So you're ready (as you'll ever be) to start trying to have a baby. What now? Is it a matter of literally just doing it, or is there more involved? We know how to prevent pregnancy, but learn very little about how to actually conceive.
Don't worry — we're here with the 101 on how to start smart, know when to ask for help, and more.
Get off birth control (and get your knowledge on)
Before you go off hormonal birth control, though, talk to your doctor about what you should expect in terms of symptoms (like withdrawal bleeding).
Talk with your healthcare provider about how to prepare for pregnancy in terms of your health and wellness, which includes learning the status of your vaccines and updating them if necessary, as well as inquiring about what prenatal vitamins you'll want to start taking.
If you're a smoker, you definitely want to quit, and you'll want to be very thoughtful about your alcohol consumption.
If your partner has sperm, there are important preconception steps he can take as well, like managing stress and alcohol consumption, quitting smoking, and seeing a health care provider to make sure he's in good physical health.
Start tracking ovulation
If you're in a heterosexual relationship, you could "just do it," but in order to conceive, you'll want to plan it around your fertile window, or the time you have the best chance of getting pregnant. This is called timed intercourse, and it's where tracking your ovulation comes into play.
The likelihood of conceiving when you're having timed intercourse depends on how old you are, as well as the health of your fallopian tubes and uterus, and (if you have a partner with sperm) if your partner has any issues with reproductive organs.
If everything is in working order, so to speak, and you can pinpoint ovulation using an ovulation test like the Modern Fertility Ovulation Test, which tracks your luteinizing hormone (LH) at low, high, and peak levels to help you predict ovulation and your fertile window, so you can time sex or insemination accordingly For even more insight into your cycle, use the Modern Fertility App to scan and log your Ovulation Test results ~like magic~ with your phone’s camera — as well as track your periods and sex or insemination. Storing all of this useful info in one place helps you build a full picture of your cycle.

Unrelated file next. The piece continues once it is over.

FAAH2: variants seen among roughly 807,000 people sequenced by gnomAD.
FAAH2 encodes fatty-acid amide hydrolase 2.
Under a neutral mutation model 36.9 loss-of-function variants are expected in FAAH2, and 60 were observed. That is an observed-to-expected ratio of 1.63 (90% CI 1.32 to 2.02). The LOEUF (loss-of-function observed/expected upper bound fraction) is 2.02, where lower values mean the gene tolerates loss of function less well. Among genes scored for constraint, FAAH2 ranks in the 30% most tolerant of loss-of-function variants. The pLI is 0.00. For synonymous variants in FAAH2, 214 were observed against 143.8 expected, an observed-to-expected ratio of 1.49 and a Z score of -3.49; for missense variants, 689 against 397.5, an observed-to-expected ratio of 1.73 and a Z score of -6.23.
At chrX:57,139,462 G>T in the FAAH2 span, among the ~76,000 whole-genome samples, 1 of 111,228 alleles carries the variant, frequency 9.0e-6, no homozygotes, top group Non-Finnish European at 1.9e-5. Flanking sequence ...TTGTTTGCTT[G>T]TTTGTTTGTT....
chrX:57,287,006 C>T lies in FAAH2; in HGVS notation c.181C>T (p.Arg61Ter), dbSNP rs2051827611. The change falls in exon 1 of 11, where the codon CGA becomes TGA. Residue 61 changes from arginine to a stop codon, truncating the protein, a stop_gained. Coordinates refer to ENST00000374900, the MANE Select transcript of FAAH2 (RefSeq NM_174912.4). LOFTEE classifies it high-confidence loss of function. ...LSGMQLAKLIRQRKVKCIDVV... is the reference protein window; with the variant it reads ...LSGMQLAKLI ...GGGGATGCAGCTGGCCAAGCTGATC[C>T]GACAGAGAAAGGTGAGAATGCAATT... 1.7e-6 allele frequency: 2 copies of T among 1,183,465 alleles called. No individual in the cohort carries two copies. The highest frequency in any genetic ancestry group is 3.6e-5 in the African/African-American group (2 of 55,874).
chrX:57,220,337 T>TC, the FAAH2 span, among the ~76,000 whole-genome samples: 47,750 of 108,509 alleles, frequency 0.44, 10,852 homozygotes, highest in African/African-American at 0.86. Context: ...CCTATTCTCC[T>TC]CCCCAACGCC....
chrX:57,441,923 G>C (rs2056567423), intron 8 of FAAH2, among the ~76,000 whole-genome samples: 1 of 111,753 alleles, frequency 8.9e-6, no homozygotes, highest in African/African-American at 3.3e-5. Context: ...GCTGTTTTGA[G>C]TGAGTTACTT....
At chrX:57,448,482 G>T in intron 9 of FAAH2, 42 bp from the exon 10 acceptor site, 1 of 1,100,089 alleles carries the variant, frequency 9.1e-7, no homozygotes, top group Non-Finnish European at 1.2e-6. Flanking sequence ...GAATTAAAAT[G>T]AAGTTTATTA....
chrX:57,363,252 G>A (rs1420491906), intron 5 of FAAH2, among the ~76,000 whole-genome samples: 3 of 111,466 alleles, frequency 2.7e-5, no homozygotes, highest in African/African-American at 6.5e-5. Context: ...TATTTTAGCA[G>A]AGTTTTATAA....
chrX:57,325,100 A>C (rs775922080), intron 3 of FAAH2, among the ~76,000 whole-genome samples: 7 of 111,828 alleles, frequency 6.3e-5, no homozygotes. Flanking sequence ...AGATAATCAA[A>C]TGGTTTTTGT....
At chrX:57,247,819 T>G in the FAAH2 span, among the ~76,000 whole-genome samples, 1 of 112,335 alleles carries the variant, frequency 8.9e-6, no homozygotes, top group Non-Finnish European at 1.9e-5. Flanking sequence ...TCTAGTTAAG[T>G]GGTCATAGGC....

Having sex five days before you ovulate gives you a 14 to 23 percent chance of getting pregnant.
Conceiving when you're LGBTQ
If you identify as LGBTQ, you've probably keenly aware that getting pregnant is more complicated that learning when to have timed intercourse. There are options if you or your partner wants to carry a baby, which include intrauterine insemination (IUI) and in vitro fertilization (IVF). You can use a sperm donor you know in real life, or choose one via a sperm bank.
Transgender individuals who want to reproduce have a number of options for doing so. A trans person who's planning to have their testicles removed can bank sperm beforehand, and before they begin estrogen therapy. If they are already taking hormones, it's recommended that they stop for a few months so that sperm quantity and quality can be restored, since long term use of estrogen negatively impacts the maturation and motility (the ability to move and swim) of sperm . For trans people who have ovaries and have been taking hormones like testosterone, stopping the intake of testosterone can reinstate ovarian function. Egg and/or embryo freezing, followed by IVF or IUI, may be good options for getting pregnant.
While you've navigating the process of finding the right doctor, the right clinic, insurance madness, and other bends in the road, remember that you deserve to be held and supported in your journey, and to have all the information you need to make decisions for your future family.
When to ask for help
Once you've been trying to get pregnant for a while, let's say a couple of months, it can start to feel like a chore, and that feeling can intensify if you're surrounded by people who seem like they can get pregnant just by making eye contact. When is "a while" too long? When should you worry?
The definition of infertility is not conceiving after you've been having regular, unprotected sex for 12 months and you're younger than 35, or you're 35 and over and you've been having regular unprotected sex for six months. If this applies to you, you may want to consider seeking out a fertility specialist, who will perform a battery of tests in order to assess what's going on and point you in the direction of further treatment. It's important to remember that around 40% of fertility challenges are due to male factors, such as sperm count and quality, so make sure to advocate for testing for your male partner if your doctor isn't evaluating his fertility as well as yours.
Whether you’re currently trying to conceive, a few years away from kids, or not sure what the future holds yet, it’s always good to learn more about your hormones as a first step. The Modern Fertility Hormone Test measures hormones that play a key role in your fertility, although, and we can't emphasize this enough, it cannot diagnose you with infertility. Our hormone test gives you insight into your AMH levels and the number of eggs you have, and can help you identify red flag issues — like PCOS or thyroid conditions — that could affect your reproductive health down the line.For starters, getting a look at what your AMH levels are (which can tell you a lot about your ovarian reserve) at a time when you're still pondering kids can help you make decisions about timing and more.